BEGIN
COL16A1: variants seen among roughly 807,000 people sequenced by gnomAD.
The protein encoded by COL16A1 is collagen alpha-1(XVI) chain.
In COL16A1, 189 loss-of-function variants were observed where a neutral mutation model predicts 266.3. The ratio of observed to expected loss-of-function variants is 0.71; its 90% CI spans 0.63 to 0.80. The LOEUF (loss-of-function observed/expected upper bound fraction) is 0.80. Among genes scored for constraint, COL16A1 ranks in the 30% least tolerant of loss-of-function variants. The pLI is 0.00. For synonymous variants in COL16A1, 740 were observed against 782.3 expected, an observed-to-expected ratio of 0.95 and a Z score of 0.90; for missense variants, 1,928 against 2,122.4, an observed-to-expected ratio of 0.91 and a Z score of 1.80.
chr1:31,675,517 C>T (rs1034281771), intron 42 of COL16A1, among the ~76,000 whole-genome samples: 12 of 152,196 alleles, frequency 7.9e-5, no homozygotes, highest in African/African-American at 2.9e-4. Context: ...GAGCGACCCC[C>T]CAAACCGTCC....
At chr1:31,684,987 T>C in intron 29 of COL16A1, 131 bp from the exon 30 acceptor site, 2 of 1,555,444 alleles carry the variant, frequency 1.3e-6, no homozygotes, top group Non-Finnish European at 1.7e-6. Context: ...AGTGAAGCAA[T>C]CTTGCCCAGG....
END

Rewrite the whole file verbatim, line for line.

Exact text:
COL16A1: variants seen among roughly 807,000 people sequenced by gnomAD.
The protein encoded by COL16A1 is collagen alpha-1(XVI) chain.
In COL16A1, 189 loss-of-function variants were observed where a neutral mutation model predicts 266.3. The ratio of observed to expected loss-of-function variants is 0.71; its 90% CI spans 0.63 to 0.80. The LOEUF (loss-of-function observed/expected upper bound fraction) is 0.80. Among genes scored for constraint, COL16A1 ranks in the 30% least tolerant of loss-of-function variants. The pLI is 0.00. For synonymous variants in COL16A1, 740 were observed against 782.3 expected, an observed-to-expected ratio of 0.95 and a Z score of 0.90; for missense variants, 1,928 against 2,122.4, an observed-to-expected ratio of 0.91 and a Z score of 1.80.
chr1:31,675,517 C>T (rs1034281771), intron 42 of COL16A1, among the ~76,000 whole-genome samples: 12 of 152,196 alleles, frequency 7.9e-5, no homozygotes, highest in African/African-American at 2.9e-4. Context: ...GAGCGACCCC[C>T]CAAACCGTCC....
At chr1:31,684,987 T>C in intron 29 of COL16A1, 131 bp from the exon 30 acceptor site, 2 of 1,555,444 alleles carry the variant, frequency 1.3e-6, no homozygotes, top group Non-Finnish European at 1.7e-6. Context: ...AGTGAAGCAA[T>C]CTTGCCCAGG....